Introduction We aim to investigate longitudinal trends in bacterial disease related mortality in HK in order to describe how socio-economic transition affects mortality due to infections and to provide generalised aetiological insights. We use one of the major bacterial disease related death, septicaemia, as an exemplar.
Methods We used local data on mortality due to septicaemia and mid-year population figures (1976–2005). We fitted Poisson age-period-cohort models on the age, period and cohort effects. We also looked for any possible difference in age, cohort or period effects by sex assessed from the model fit using the deviance information criterion (DIC).
Results Septicaemia-related deaths increased exponentially with age in both sexes, while there was a down turn in the period effects in both sexes (peaked in the 1991–1995 for females, and in the 1986–1990 for males). The birth cohort curves mainly had downward inflections in both sexes, however there was a steeper deceleration in women after 1945s, which was confirmed by the model fit as shown by the DIC.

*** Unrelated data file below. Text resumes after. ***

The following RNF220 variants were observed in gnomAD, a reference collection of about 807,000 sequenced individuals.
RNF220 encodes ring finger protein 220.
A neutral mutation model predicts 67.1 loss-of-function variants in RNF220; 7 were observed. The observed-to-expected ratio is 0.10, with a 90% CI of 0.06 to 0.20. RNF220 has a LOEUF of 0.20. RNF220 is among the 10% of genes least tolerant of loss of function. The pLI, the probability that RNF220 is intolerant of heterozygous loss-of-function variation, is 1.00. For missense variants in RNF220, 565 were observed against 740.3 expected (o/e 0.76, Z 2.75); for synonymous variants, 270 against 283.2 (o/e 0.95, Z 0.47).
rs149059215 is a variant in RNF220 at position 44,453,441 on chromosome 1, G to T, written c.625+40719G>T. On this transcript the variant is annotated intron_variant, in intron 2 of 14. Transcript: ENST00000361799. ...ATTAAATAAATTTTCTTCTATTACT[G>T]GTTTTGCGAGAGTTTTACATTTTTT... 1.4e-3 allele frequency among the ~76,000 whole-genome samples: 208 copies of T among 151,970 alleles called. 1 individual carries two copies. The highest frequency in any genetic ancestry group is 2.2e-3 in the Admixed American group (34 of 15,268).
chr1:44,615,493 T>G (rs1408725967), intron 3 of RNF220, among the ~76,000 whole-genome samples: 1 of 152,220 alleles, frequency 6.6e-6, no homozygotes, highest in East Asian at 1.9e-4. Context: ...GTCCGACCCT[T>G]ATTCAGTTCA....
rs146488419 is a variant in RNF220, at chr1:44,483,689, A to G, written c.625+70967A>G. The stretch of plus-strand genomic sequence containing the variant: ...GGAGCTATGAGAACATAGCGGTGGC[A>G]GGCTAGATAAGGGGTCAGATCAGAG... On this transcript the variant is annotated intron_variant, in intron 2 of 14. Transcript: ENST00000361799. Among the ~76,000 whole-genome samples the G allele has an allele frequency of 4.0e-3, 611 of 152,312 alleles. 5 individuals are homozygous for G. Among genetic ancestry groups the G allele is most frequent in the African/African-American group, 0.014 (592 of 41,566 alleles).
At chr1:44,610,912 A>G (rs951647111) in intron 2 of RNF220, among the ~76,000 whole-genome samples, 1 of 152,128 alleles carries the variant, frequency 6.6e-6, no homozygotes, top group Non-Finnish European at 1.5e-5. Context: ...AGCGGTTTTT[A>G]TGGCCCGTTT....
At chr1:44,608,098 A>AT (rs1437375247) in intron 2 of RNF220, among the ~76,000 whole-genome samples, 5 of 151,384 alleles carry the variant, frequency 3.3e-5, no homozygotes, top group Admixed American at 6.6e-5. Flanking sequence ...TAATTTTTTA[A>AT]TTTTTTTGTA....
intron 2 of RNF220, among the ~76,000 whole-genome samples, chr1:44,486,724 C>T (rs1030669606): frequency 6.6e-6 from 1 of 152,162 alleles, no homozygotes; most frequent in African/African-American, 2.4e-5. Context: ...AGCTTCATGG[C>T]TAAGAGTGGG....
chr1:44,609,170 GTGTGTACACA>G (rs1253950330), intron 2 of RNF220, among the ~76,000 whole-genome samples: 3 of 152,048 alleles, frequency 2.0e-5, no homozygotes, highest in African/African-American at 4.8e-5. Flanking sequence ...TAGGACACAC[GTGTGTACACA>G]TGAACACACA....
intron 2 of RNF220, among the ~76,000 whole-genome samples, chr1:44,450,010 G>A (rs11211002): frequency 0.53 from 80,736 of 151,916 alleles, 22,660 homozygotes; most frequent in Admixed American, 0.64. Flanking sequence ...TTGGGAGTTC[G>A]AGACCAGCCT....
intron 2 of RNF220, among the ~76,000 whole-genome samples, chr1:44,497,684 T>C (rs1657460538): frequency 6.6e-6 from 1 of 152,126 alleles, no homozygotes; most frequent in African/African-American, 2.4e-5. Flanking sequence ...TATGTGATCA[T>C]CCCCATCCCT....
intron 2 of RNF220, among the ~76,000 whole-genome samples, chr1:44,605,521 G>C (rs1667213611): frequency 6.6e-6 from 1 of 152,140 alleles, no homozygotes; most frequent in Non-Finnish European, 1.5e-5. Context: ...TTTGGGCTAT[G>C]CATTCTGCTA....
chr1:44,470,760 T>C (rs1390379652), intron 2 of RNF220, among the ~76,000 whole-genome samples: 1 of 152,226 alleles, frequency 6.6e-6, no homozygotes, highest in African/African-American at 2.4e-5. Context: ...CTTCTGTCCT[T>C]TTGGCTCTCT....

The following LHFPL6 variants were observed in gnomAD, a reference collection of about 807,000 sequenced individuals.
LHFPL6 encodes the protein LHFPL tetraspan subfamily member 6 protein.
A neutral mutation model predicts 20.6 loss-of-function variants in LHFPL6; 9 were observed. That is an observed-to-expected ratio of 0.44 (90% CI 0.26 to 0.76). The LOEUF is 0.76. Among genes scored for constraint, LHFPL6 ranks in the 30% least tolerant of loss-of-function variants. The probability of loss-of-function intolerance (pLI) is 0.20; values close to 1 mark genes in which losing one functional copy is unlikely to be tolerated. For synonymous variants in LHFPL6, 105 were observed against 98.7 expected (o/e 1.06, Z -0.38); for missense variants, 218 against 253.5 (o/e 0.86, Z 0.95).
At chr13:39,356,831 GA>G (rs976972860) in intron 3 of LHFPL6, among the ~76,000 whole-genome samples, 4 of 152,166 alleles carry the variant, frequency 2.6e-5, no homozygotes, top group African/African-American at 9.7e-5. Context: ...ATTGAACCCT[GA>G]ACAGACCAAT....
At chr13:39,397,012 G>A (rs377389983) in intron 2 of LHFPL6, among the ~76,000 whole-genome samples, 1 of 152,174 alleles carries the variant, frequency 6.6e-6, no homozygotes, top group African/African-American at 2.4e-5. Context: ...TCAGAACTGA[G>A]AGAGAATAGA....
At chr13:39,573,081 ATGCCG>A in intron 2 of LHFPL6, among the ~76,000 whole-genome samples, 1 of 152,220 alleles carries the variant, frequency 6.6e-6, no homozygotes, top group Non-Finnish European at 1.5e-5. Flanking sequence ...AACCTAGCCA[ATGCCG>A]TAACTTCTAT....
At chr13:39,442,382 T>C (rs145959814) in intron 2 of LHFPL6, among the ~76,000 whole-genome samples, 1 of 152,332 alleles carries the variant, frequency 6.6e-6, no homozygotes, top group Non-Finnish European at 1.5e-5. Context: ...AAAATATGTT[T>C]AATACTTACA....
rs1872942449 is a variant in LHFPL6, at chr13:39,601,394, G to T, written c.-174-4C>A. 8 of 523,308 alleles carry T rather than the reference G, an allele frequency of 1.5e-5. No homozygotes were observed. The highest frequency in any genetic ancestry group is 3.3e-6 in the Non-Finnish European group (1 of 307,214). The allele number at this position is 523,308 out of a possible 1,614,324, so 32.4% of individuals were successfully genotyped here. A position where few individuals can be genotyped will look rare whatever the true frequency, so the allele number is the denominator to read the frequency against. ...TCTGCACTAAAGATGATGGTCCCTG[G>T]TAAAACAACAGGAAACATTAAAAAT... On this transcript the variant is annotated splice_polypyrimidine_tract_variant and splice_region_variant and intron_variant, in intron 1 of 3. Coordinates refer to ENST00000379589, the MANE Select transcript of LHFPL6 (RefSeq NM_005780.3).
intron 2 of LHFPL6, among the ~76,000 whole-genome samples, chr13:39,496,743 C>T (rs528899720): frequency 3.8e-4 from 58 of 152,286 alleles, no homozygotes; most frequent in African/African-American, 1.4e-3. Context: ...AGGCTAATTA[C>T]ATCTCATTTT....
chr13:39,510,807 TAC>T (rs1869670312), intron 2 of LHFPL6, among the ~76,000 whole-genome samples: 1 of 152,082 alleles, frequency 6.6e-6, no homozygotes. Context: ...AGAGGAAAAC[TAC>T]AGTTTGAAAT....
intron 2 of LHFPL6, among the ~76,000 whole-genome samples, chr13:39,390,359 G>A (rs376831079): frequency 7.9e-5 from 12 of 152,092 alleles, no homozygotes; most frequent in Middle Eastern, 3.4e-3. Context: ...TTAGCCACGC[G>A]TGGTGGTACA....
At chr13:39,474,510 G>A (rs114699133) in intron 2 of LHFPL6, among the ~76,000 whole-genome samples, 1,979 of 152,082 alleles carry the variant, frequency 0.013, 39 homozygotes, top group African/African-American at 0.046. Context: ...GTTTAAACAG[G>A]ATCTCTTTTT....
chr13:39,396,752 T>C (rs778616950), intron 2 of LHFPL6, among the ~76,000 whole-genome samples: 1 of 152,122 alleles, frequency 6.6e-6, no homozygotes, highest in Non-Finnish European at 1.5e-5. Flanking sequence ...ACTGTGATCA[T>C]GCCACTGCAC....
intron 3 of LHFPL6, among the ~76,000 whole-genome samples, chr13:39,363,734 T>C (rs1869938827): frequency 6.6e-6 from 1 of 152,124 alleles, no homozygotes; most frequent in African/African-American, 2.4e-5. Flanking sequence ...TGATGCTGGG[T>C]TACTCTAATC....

Conclusion Sex difference in birth cohort effects might reflect changes which affect mortality risk due to septicaemia in a given birth cohort throughout their lifetime. The observed changes could be living conditions of the individual at different stages in life, and better immunity against bacteria in women born in HK but not in men. It is compatible with our hypothesis that the gonadotropic axis upregulation with better early living conditions enhance immunity in women but not men.
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